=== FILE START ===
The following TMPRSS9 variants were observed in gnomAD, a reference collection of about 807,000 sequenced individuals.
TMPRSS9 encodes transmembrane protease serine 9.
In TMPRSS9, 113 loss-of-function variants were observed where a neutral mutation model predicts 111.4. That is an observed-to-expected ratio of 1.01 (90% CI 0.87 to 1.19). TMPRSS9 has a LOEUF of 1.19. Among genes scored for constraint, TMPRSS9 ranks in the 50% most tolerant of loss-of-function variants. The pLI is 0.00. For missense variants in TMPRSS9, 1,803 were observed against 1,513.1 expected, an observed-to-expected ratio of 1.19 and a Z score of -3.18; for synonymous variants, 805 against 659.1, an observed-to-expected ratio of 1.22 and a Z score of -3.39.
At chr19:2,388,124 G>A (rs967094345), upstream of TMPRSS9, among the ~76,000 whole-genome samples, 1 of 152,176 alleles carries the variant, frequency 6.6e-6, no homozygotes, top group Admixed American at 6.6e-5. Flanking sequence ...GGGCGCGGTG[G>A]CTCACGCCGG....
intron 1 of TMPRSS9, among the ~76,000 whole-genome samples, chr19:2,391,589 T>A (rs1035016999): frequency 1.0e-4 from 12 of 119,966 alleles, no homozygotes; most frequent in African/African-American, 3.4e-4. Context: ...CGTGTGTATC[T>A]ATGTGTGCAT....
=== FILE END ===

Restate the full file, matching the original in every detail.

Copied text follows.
The following TMPRSS9 variants were observed in gnomAD, a reference collection of about 807,000 sequenced individuals.
TMPRSS9 encodes transmembrane protease serine 9.
In TMPRSS9, 113 loss-of-function variants were observed where a neutral mutation model predicts 111.4. That is an observed-to-expected ratio of 1.01 (90% CI 0.87 to 1.19). TMPRSS9 has a LOEUF of 1.19. Among genes scored for constraint, TMPRSS9 ranks in the 50% most tolerant of loss-of-function variants. The pLI is 0.00. For missense variants in TMPRSS9, 1,803 were observed against 1,513.1 expected, an observed-to-expected ratio of 1.19 and a Z score of -3.18; for synonymous variants, 805 against 659.1, an observed-to-expected ratio of 1.22 and a Z score of -3.39.
At chr19:2,388,124 G>A (rs967094345), upstream of TMPRSS9, among the ~76,000 whole-genome samples, 1 of 152,176 alleles carries the variant, frequency 6.6e-6, no homozygotes, top group Admixed American at 6.6e-5. Flanking sequence ...GGGCGCGGTG[G>A]CTCACGCCGG....
intron 1 of TMPRSS9, among the ~76,000 whole-genome samples, chr19:2,391,589 T>A (rs1035016999): frequency 1.0e-4 from 12 of 119,966 alleles, no homozygotes; most frequent in African/African-American, 3.4e-4. Context: ...CGTGTGTATC[T>A]ATGTGTGCAT....